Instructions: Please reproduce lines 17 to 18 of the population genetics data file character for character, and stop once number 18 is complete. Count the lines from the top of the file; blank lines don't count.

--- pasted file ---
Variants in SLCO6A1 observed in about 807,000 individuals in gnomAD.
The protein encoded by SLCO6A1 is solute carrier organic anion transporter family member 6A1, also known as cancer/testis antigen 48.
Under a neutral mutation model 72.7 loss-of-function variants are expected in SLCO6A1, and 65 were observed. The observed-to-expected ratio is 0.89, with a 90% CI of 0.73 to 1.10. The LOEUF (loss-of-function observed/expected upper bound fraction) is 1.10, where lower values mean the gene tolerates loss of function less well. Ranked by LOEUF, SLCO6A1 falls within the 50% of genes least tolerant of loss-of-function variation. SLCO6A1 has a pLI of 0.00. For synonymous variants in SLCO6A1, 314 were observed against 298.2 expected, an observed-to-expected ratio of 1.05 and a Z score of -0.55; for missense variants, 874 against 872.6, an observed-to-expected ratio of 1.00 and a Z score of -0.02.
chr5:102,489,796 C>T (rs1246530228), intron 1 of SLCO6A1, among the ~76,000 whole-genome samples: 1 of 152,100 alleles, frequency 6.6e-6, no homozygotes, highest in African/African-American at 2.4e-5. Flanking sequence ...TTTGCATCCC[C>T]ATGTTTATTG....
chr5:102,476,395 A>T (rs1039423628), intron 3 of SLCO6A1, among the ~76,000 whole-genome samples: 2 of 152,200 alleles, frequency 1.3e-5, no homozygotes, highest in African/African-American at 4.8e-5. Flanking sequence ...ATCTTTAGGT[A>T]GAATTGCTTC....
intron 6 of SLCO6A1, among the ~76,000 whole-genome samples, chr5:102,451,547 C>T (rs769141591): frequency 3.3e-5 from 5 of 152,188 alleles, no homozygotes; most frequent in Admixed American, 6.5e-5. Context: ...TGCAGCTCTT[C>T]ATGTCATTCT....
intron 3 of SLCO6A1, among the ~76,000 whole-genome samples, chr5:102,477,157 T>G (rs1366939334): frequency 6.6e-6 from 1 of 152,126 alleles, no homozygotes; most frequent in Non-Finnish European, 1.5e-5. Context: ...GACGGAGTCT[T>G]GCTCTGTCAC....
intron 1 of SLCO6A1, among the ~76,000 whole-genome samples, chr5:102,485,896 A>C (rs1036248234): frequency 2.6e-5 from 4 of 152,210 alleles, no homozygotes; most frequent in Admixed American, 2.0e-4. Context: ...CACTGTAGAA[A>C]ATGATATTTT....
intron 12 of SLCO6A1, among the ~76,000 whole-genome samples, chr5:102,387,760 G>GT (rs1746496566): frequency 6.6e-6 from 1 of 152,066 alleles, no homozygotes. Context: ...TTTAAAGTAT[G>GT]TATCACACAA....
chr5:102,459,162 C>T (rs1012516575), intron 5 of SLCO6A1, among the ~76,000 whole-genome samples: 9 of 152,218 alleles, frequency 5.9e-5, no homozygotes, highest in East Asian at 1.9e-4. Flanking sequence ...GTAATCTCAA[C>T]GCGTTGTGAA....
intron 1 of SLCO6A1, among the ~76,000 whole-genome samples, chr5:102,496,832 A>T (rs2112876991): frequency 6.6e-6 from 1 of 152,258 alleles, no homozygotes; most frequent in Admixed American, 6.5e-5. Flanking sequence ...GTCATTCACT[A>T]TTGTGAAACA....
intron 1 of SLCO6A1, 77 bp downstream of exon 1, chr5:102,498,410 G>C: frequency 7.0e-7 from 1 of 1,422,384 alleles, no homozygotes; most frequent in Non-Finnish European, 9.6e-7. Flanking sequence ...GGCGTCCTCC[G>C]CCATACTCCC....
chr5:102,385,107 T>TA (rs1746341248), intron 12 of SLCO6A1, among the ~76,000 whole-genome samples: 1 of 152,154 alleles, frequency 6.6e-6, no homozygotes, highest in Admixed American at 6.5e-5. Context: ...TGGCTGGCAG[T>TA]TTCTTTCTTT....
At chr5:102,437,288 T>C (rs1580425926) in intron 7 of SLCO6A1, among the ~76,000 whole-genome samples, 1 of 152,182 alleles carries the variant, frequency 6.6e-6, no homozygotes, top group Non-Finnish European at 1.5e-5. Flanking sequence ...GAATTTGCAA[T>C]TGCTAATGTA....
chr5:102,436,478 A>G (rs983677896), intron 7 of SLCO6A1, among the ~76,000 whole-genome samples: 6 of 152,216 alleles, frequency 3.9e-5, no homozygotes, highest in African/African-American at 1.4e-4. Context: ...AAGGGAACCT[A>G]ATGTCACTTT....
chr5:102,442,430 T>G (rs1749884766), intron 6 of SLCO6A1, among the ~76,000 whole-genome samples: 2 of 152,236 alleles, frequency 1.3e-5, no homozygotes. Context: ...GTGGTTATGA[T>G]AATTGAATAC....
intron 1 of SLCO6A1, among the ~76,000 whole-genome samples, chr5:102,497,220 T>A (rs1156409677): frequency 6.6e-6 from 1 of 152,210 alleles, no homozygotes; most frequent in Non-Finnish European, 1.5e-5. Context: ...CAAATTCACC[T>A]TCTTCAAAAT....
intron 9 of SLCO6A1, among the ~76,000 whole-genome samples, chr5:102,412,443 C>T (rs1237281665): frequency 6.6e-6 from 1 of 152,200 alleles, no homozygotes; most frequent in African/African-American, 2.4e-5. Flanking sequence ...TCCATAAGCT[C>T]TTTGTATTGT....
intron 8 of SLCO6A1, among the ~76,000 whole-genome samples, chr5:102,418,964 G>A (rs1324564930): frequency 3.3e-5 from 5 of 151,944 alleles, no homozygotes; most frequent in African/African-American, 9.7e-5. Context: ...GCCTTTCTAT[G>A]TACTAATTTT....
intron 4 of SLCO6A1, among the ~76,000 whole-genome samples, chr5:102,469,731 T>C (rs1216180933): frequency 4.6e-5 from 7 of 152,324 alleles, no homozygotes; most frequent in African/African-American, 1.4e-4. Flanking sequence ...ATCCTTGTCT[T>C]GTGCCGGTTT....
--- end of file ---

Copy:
intron 1 of SLCO6A1, among the ~76,000 whole-genome samples, chr5:102,497,220 T>A (rs1156409677): frequency 6.6e-6 from 1 of 152,210 alleles, no homozygotes; most frequent in Non-Finnish European, 1.5e-5. Context: ...CAAATTCACC[T>A]TCTTCAAAAT....
intron 9 of SLCO6A1, among the ~76,000 whole-genome samples, chr5:102,412,443 C>T (rs1237281665): frequency 6.6e-6 from 1 of 152,200 alleles, no homozygotes; most frequent in African/African-American, 2.4e-5. Flanking sequence ...TCCATAAGCT[C>T]TTTGTATTGT....